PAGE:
No computer or mobile device you use should be without a good antivirus system. Installing and running up to date antivirus software from a reputable company can help to detect and stop malware, including ransomware. At the same time, you also need to be aware of the limitations of antivirus software. Antivirus software is far from a panacea for digital ills. Malware developers are constantly updating and changing their software. Like any vaccine, your antivirus software can only protect you from the viruses listed in its database of virus definitions. Zero-day viruses—malware that has appeared so recently that antivirus software providers haven’t yet had time to enter it into their database —can easily sneak by. In addition, some ransomware intrusions don’t use viruses at all. As necessary as antivirus software is, it is not the be-all, end-all of computer security. Conscientious computer usage and thoughtful security measures are an absolute must to protect your organization from ransomware

Make Strong Passwords.

Viruses aren’t the only ways bad actors can slip ransomware into your system. If your passwords are weak enough, a hacker can slip right into your network and deliver a ransomware payload—no email phishing necessary. It’s easy to see the appeal of easy-to-remember passwords—but the problem is that “easy to remember” is also “easy to guess”. Lots of people like to work in things like their birth date (or a family member’s birth date), the street they grew up on, their pets’ names, etc. into their passwords. If a dedicated hacker can dredge this kind of information up on the internet (by, for example, taking a look at the target’s presence on social media platforms like Facebook or genealogy websites), it makes their job of cracking that password much easier. A secure, randomly-generated password works much better. Good password generators create random passwords with high levels of “information entropy”. The more “entropy” a password has, the harder it is for a hacker to brute-force their way in. Humans tend to be quite bad at coming up with high-entropy passwords on their own. Computers, however, can come up with passwords that can take billions of years to crack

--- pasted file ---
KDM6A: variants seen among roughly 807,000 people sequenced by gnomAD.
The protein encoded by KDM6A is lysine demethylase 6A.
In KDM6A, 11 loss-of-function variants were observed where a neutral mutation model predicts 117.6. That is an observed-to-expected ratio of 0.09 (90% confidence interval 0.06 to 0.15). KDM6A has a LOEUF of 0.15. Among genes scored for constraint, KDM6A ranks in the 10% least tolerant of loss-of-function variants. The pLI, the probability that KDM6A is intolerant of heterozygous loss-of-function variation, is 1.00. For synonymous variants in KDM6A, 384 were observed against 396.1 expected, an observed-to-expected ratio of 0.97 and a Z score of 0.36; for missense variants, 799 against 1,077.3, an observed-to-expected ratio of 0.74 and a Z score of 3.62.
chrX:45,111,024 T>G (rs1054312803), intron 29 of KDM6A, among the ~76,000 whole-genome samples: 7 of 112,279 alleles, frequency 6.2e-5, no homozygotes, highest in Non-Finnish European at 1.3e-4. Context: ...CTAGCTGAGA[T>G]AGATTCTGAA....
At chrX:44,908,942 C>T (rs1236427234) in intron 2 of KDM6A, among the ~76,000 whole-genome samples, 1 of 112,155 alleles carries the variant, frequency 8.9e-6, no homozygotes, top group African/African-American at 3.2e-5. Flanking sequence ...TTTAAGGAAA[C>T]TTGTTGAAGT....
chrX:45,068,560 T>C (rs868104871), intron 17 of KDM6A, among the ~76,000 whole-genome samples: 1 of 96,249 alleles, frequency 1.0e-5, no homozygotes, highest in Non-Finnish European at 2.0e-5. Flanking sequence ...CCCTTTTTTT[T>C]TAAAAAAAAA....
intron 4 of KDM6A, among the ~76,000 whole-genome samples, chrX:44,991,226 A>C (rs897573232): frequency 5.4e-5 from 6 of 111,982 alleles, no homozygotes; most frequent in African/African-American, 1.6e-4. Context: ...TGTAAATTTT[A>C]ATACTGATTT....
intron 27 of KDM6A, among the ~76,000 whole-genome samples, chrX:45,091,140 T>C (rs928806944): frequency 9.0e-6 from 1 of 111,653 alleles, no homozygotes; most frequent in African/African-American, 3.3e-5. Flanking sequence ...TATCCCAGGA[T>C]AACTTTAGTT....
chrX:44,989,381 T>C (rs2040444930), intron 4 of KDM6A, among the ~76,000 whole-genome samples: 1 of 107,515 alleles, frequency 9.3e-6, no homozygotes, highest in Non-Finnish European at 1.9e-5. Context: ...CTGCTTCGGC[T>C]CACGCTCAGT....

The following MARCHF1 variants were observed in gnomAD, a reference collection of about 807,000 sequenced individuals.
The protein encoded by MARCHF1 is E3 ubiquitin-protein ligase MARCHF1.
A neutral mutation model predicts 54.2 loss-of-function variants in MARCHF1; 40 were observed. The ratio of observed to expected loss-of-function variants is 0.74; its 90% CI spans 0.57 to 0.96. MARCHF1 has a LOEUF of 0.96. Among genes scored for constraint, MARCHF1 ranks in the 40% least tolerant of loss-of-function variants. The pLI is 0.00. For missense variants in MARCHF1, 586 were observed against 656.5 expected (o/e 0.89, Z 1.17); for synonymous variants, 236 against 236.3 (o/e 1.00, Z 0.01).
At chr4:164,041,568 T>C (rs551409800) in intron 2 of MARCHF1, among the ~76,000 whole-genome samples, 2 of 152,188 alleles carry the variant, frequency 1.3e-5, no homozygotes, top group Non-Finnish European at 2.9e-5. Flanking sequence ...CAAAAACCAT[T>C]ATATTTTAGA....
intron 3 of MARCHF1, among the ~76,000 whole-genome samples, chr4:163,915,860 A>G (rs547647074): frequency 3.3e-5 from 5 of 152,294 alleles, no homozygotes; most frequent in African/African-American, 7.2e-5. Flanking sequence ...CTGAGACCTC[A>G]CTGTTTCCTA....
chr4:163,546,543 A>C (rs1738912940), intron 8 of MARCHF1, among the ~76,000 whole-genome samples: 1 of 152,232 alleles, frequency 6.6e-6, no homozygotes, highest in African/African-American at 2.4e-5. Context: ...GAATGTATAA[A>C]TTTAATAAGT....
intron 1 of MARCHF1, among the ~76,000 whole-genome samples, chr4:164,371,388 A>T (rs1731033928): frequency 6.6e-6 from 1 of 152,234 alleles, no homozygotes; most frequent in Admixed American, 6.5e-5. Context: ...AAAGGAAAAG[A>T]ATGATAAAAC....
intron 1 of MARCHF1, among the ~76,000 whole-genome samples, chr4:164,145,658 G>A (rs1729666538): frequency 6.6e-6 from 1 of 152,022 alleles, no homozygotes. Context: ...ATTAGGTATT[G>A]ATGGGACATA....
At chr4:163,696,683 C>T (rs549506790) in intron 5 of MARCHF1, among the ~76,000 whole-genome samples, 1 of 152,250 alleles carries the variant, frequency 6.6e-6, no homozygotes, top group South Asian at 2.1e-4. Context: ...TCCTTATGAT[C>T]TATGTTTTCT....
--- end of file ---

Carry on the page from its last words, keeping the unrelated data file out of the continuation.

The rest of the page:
Use Multi-Factor Authentication.

A strong password is a good first step toward a more secure and ransomware-resistant network. A good next step is multi-factor authentication. Multi-factor authentication is especially critical if you have employees who frequently or even just occasionally work from home. No matter how strong your passwords are, there are still ways a dedicated hacker might get around that and gain access to your network or your organization’s social media accounts (Facebook, Twitter, LinkedIn, etc.). To prevent intrusions, two-factor authentication adds another layer of defense to your security systems.

Limit User Account Access.

Setting up systems where users have limited privileges rather than Administrator or root level access can provide protection by preventing malware from being able to install itself if the account is compromised. Use of strong and unique passwords that are changed regularly can also assist in making computer systems more secure. Ask yourself: Should all of my employees have the privileges to install new software on their workstations? Do all of my employees need write permissions for every share folder on our server? Should all of my employees be able to send emails with attachments to other employees? If so—why? Maybe your answers to these questions are “Yes.” Maybe your answers are “No.” And maybe your answers are “Sometimes.” It all depends on what you do and what you need to have done. The most important thing is ensuring that the policies in place correspond appropriately to both your answers and your security needs. If there’s a discrepancy—you’re letting employees install new software willy-nilly and you really don’t need to be, for example—that’s a hole in your network security you really should fill. Do your employees need new restrictions? If so, implement them. Do your employees need less restrictions? If so, make sure they are well-trained not to abuse their freedoms.

Keep Your Eyes Peeled.

Constant vigilance and thoughtful, prudent, proactive security measures will keep your organization safe not just from ransomware attacks, but all cyberattacks. Businesses and organizations owe it to themselves, their employees, and their clients and customers to keep their fingers on the pulse of cyber security and look for new exploits and threats to be aware of.